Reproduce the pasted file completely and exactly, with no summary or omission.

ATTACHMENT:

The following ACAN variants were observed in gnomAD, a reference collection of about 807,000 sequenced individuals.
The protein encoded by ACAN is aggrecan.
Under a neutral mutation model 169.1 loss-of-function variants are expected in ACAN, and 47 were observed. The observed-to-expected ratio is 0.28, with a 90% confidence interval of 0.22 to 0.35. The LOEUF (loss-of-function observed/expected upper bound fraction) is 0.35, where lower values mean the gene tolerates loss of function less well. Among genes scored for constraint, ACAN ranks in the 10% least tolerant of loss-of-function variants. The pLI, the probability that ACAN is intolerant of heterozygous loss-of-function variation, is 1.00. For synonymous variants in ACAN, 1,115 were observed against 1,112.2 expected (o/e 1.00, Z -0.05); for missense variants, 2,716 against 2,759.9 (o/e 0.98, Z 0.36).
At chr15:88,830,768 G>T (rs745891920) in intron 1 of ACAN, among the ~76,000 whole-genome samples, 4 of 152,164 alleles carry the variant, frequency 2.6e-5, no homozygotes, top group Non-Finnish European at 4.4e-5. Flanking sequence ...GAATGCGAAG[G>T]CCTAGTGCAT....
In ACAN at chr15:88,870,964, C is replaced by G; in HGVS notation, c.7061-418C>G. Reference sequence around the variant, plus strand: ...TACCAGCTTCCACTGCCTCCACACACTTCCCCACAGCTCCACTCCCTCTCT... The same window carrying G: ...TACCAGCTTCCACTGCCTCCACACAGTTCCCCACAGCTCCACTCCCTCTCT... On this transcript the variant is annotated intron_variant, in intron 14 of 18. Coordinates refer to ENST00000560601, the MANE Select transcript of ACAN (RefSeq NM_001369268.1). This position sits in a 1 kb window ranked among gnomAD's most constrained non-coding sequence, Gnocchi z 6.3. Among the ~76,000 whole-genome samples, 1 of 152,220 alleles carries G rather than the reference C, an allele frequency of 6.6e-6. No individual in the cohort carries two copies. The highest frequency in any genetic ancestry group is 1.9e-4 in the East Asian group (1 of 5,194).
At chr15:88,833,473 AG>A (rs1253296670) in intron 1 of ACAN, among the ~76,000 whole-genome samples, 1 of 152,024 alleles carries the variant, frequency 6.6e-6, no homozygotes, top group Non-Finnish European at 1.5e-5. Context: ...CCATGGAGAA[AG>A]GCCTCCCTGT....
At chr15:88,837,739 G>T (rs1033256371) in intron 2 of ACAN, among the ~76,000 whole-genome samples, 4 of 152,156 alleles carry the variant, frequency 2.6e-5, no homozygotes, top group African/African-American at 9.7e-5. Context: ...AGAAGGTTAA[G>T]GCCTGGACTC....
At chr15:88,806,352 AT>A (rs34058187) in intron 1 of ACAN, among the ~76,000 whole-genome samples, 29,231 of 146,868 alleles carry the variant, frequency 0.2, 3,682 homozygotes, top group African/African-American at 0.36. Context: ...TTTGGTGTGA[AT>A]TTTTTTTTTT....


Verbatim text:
The following ACAN variants were observed in gnomAD, a reference collection of about 807,000 sequenced individuals.
The protein encoded by ACAN is aggrecan.
Under a neutral mutation model 169.1 loss-of-function variants are expected in ACAN, and 47 were observed. The observed-to-expected ratio is 0.28, with a 90% confidence interval of 0.22 to 0.35. The LOEUF (loss-of-function observed/expected upper bound fraction) is 0.35, where lower values mean the gene tolerates loss of function less well. Among genes scored for constraint, ACAN ranks in the 10% least tolerant of loss-of-function variants. The pLI, the probability that ACAN is intolerant of heterozygous loss-of-function variation, is 1.00. For synonymous variants in ACAN, 1,115 were observed against 1,112.2 expected (o/e 1.00, Z -0.05); for missense variants, 2,716 against 2,759.9 (o/e 0.98, Z 0.36).
At chr15:88,830,768 G>T (rs745891920) in intron 1 of ACAN, among the ~76,000 whole-genome samples, 4 of 152,164 alleles carry the variant, frequency 2.6e-5, no homozygotes, top group Non-Finnish European at 4.4e-5. Flanking sequence ...GAATGCGAAG[G>T]CCTAGTGCAT....
In ACAN at chr15:88,870,964, C is replaced by G; in HGVS notation, c.7061-418C>G. Reference sequence around the variant, plus strand: ...TACCAGCTTCCACTGCCTCCACACACTTCCCCACAGCTCCACTCCCTCTCT... The same window carrying G: ...TACCAGCTTCCACTGCCTCCACACAGTTCCCCACAGCTCCACTCCCTCTCT... On this transcript the variant is annotated intron_variant, in intron 14 of 18. Coordinates refer to ENST00000560601, the MANE Select transcript of ACAN (RefSeq NM_001369268.1). This position sits in a 1 kb window ranked among gnomAD's most constrained non-coding sequence, Gnocchi z 6.3. Among the ~76,000 whole-genome samples, 1 of 152,220 alleles carries G rather than the reference C, an allele frequency of 6.6e-6. No individual in the cohort carries two copies. The highest frequency in any genetic ancestry group is 1.9e-4 in the East Asian group (1 of 5,194).
At chr15:88,833,473 AG>A (rs1253296670) in intron 1 of ACAN, among the ~76,000 whole-genome samples, 1 of 152,024 alleles carries the variant, frequency 6.6e-6, no homozygotes, top group Non-Finnish European at 1.5e-5. Context: ...CCATGGAGAA[AG>A]GCCTCCCTGT....
At chr15:88,837,739 G>T (rs1033256371) in intron 2 of ACAN, among the ~76,000 whole-genome samples, 4 of 152,156 alleles carry the variant, frequency 2.6e-5, no homozygotes, top group African/African-American at 9.7e-5. Context: ...AGAAGGTTAA[G>T]GCCTGGACTC....
At chr15:88,806,352 AT>A (rs34058187) in intron 1 of ACAN, among the ~76,000 whole-genome samples, 29,231 of 146,868 alleles carry the variant, frequency 0.2, 3,682 homozygotes, top group African/African-American at 0.36. Context: ...TTTGGTGTGA[AT>A]TTTTTTTTTT....